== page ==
Kelsey in Cairo

Kelsey is majoring in English, with a minor in political science, in SMU’s Dedman College of Humanities and Sciences. In Spring 2009, she is participating in SMU-in-Cairo in Egypt, where she will be taking courses in political science and Arabic. She hopes the experience will prepare her for a career in international relations or journalism, and she plans to volunteer with a nonprofit while in Egypt.

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Today’s tragedy in Cairo

Editor’s note: The American University in Cairo has confirmed that no SMU or other students at the university were affected by the February 22 incident. SMU student Shelby also shared her thoughts on the event.

I was planning to submit a blog entry today about experiencing aspects of life in Cairo few tourists are exposed to, and a thrilling expedition to the beautiful white and black deserts. But it’s necessary for me now to discuss the bombing that occurred this evening at Khan al-Khalili, a bazaar popular with tourists near downtown Cairo.

Reports are still conflicting, but the general consensus so far is that 17 people have been injured and one person has been killed. My first response was sadness for those who have been affected by this event, and to hope that no AUC students, especially the people I’ve grown so close with in the past month, were at Khan al-Khalili tonight. Facebook status updates and mass text messages have eased this worry, thankfully.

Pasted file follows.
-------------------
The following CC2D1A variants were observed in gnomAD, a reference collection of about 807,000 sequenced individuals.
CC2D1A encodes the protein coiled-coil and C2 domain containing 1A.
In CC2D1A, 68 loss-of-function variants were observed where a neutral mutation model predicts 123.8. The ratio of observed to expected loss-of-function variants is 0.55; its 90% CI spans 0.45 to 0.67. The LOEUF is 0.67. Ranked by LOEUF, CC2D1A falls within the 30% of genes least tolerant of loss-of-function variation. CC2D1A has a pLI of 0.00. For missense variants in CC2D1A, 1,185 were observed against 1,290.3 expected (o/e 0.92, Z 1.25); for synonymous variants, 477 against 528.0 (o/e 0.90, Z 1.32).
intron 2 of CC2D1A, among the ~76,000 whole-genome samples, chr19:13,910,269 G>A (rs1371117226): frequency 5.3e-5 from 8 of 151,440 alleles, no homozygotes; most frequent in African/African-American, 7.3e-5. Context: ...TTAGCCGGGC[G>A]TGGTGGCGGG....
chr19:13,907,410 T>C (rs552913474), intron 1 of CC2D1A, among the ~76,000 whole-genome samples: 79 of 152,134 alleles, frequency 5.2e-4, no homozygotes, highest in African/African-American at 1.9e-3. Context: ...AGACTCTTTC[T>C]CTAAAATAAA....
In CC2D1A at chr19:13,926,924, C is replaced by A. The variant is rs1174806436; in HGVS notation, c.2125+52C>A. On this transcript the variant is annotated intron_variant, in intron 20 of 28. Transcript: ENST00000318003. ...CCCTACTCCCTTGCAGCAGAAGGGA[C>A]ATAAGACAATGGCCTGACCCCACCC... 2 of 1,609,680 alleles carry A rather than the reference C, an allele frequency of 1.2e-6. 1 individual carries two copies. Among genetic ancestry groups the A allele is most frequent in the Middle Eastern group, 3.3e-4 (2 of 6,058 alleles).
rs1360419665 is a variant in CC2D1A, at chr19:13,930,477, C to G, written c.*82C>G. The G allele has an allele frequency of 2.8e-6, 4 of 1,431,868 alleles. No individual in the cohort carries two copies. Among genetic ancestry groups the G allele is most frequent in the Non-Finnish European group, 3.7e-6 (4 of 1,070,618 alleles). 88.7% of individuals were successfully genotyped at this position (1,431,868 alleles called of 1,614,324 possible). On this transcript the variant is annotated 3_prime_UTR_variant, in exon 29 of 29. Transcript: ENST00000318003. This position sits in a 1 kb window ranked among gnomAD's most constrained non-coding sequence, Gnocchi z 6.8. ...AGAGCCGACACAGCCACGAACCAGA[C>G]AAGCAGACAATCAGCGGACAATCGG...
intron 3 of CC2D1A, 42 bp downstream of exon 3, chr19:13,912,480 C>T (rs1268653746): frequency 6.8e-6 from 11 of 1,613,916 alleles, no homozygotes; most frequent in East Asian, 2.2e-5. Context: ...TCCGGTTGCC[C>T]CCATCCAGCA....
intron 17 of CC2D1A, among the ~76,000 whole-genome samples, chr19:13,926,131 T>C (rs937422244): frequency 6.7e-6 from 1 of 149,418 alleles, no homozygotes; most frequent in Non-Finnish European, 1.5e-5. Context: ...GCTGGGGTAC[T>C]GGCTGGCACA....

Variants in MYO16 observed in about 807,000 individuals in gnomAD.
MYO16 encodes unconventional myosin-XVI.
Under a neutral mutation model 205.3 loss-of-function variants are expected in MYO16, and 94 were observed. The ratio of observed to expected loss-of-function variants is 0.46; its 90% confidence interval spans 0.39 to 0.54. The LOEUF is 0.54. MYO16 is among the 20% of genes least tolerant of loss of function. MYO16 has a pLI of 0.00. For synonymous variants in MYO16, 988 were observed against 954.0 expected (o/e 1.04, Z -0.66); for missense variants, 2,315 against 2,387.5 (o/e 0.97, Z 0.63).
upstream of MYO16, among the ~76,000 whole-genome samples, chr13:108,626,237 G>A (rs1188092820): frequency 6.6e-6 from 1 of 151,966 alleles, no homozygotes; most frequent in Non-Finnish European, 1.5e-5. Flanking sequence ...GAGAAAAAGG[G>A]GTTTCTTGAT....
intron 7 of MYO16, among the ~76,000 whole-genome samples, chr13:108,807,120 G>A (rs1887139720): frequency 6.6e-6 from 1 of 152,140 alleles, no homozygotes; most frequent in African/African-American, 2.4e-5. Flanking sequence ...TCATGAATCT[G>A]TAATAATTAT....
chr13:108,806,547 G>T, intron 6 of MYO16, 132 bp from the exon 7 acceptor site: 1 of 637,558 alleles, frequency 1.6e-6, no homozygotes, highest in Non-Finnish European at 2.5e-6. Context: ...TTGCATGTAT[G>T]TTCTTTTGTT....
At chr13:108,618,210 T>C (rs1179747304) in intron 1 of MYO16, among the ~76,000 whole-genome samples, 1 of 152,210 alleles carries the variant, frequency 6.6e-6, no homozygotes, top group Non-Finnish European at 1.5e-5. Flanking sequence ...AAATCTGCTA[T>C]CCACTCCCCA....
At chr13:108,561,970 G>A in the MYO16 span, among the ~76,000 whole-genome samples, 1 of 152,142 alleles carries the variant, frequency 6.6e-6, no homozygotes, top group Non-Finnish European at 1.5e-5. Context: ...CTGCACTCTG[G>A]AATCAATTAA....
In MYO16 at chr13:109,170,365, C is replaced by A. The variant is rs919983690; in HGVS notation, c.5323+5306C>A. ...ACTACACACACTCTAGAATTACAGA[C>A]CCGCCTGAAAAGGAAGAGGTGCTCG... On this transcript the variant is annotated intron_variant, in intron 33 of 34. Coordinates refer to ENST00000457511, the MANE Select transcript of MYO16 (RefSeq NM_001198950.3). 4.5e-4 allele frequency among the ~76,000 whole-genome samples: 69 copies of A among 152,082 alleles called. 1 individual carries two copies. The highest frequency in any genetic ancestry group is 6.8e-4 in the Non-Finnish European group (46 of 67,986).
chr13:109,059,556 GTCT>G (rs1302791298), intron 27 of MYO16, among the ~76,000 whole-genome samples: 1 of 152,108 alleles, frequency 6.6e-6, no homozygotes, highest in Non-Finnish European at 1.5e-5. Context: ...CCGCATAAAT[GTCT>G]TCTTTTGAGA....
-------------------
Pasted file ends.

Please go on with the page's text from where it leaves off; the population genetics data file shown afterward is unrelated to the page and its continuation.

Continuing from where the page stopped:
My second reaction was to hope that I wouldn’t be required to suddenly return home, cutting off my semester in Cairo three months short. Although my roommate and I were at Khan al-Khalili only yesterday, unsuccessfully haggling with merchants and drinking tea at the 200 year-old-cafe called Fishawy, neither of us now feels unsafe in Cairo. We were discussing this evening how sad it is that the actions of a few can effect the reputation of an entire city, and moreover, an entire country.

The bomb exploded at an area that is always packed with tourists, but it was also right next to a large mosque, where people were praying at this time. Both Egyptians and foreigners were affected by this attack. The Egyptian police acted quickly enough to be able to diffuse a second bomb before it exploded.

Yes, Egypt is technically in the Middle East, a region associated with near-constant violence, but there hasn’t been an attack in Cairo since 2005. All parts of our world today are vulnerable to this kind of violence, from the US, to Europe, to Asia and everywhere in between. It would be a mistake to judge Egypt harshly in light of today’s bombing, and to suddenly deem it a country where Americans should not travel.

Please keep all those affected by tonight’s attack in your thoughts and prayers, and know that this one act of violence does not define Cairo or Egypt.

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